• Dutch
  • Frisian
  • Afrikaans
Show full table of contents
-ier
quickinfo

The suffix -ier may take a geographical name as input in order to derive an inhabitant name. There is only one case, i.e. ArabierArab, which developed from ArabiëArabia. An Arabier may also refer to a horse of an Arabian species.

readmore

More on this suffix, which also may take nouns as input, can be found in the topic on -ier with a noun as base.

References:
    Suggestions for further reading ▼
    phonology
    • Dutch
    • Frisian
    • Afrikaans
        Show more ▼
        morphology
        • Dutch
        • Frisian
        • Afrikaans
        • -gewijs
          [52%] Dutch > Morphology > Word formation > Derivation > Adverbs > Adverbial suffixes
        • -er (nominal)
          [52%] Dutch > Morphology > Word formation > Derivation > Nouns > Nominal suffixes
        • Affixoids
          [52%] Dutch > Morphology > Word formation > Compounding
        • -matig
          [51%] Dutch > Morphology > Word formation > Derivation > Adjectives > Adjectival suffixes
        • -ier
          [51%] Dutch > Morphology > Word formation > Derivation > Nouns > Nominal suffixes
        • -ein
          [65%] Frisian > Morphology > Word formation > Derivation > Suffixation > Nominal suffixes > Geographical name as base
        • -te
          [59%] Frisian > Morphology > Word formation > Derivation > Suffixation > Nominal suffixes > Numeral as base
        • -s
          [58%] Frisian > Morphology > Word formation > Derivation > Suffixation > Adverbial suffixes > Adverb as base
        • -man
          [57%] Frisian > Morphology > Word formation > Derivation > Suffixation > Nominal suffixes > Pronoun as base
        • -iteit
          [56%] Frisian > Morphology > Word formation > Derivation > Suffixation > Nominal suffixes > Adjective as base
          Show more ▼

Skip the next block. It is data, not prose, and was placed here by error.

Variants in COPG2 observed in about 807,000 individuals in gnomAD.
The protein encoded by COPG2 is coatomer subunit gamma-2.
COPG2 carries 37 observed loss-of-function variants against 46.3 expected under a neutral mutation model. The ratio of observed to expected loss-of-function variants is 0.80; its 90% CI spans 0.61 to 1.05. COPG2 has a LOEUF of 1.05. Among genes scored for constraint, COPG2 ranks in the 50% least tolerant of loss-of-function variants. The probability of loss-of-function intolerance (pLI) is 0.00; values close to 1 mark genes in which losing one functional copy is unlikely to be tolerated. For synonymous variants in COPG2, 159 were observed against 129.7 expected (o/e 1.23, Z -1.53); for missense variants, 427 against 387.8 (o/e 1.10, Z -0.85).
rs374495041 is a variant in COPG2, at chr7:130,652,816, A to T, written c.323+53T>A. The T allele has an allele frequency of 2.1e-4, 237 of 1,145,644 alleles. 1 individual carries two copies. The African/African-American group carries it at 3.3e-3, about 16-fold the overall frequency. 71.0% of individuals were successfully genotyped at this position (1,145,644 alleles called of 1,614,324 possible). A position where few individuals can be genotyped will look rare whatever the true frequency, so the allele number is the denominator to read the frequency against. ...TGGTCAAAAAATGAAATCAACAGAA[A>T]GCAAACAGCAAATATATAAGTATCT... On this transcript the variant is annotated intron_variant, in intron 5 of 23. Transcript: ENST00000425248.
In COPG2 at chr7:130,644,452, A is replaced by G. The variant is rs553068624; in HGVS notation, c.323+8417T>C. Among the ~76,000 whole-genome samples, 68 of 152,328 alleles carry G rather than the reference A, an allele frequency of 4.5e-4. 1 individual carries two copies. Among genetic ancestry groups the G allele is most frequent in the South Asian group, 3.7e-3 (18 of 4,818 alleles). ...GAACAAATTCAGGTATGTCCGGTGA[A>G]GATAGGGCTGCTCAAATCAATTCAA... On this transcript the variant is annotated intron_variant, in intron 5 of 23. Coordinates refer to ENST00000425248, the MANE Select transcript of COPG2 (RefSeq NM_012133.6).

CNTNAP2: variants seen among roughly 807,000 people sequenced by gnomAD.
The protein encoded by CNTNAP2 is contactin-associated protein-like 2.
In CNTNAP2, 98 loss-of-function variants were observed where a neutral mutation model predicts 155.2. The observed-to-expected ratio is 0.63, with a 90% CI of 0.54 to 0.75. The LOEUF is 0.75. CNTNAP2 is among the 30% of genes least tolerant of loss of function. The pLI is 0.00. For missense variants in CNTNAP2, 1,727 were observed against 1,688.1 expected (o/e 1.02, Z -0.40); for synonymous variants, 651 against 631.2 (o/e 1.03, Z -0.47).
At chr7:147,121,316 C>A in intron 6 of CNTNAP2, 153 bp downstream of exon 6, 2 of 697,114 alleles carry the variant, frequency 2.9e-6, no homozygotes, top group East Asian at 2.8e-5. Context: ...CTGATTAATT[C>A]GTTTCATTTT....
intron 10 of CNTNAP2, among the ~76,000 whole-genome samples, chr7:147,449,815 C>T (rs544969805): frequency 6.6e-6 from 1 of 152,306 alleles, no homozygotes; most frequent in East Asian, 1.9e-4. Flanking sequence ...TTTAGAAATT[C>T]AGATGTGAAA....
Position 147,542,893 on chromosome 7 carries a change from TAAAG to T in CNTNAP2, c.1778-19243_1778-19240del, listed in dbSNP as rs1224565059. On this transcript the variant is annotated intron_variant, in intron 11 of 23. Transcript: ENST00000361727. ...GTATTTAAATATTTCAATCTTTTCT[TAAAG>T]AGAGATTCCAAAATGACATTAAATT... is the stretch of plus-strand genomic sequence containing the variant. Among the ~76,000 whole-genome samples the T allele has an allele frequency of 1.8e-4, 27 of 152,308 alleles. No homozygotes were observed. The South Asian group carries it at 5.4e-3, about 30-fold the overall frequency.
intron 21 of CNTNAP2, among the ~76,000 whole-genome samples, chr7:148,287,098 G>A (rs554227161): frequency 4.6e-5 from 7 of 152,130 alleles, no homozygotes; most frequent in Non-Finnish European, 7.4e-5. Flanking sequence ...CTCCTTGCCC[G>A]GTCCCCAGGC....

syntax
          • Dutch
          • Frisian
          • Afrikaans
          • 4.1.1.1. Types of N1s and N2s
            [53%] Dutch > Syntax > Nouns and Noun Phrases > 4 Projection of noun phrases III: binominal constructions > 4.1. Binominal constructions without a preposition > 4.1.1. Quantificational constructions: een paar boeken 'a couple of books'
          • 1.1.2.1. Use as an argument
            [52%] Dutch > Syntax > Adpositions and adpositional phrases > 1 Characteristics and classification > 1.1. Characterization of the category adposition > 1.1.2. Syntactic uses of adpositional phrases
          • 5.1.5.3. The syntactic distribution of (noun phrases containing) geen
            [51%] Dutch > Syntax > Nouns and Noun Phrases > 5 Determiners: articles and pronouns > 5.1. Articles > 5.1.5. The negative article geen 'no'
          • 4.1.3. Other constructions
            [51%] Dutch > Syntax > Nouns and Noun Phrases > 4 Projection of noun phrases III: binominal constructions > 4.1. Binominal constructions without a preposition
          • 8.3.1. Temporal phrases
            [50%] Dutch > Syntax > Nouns and Noun Phrases > 8 Syntactic uses of noun phrases > 8.3. Adverbial use of the noun phrase
          • Other constructions
            [55%] Afrikaans > Syntax > Adjective Phrases > Modification and Degree Quantification
          • Pragmatics
            [55%] Afrikaans > Syntax > Verbs and Verb Phrases > 1. Characterization and classification > 1.5. Tense, modality and aspect > 1.5.2. Modality
          • High degree words
            [53%] Afrikaans > Syntax > Adjective Phrases > Modification and Degree Quantification > Classification of degree modifiers
          • Characteristics and classification
            [52%] Afrikaans > Syntax > Adjective Phrases
          • R-pronouns
            [51%] Afrikaans > Syntax > Adjective Phrases > Complementation > Type of NP in PP and linear order
          Show more ▼
          cite
          print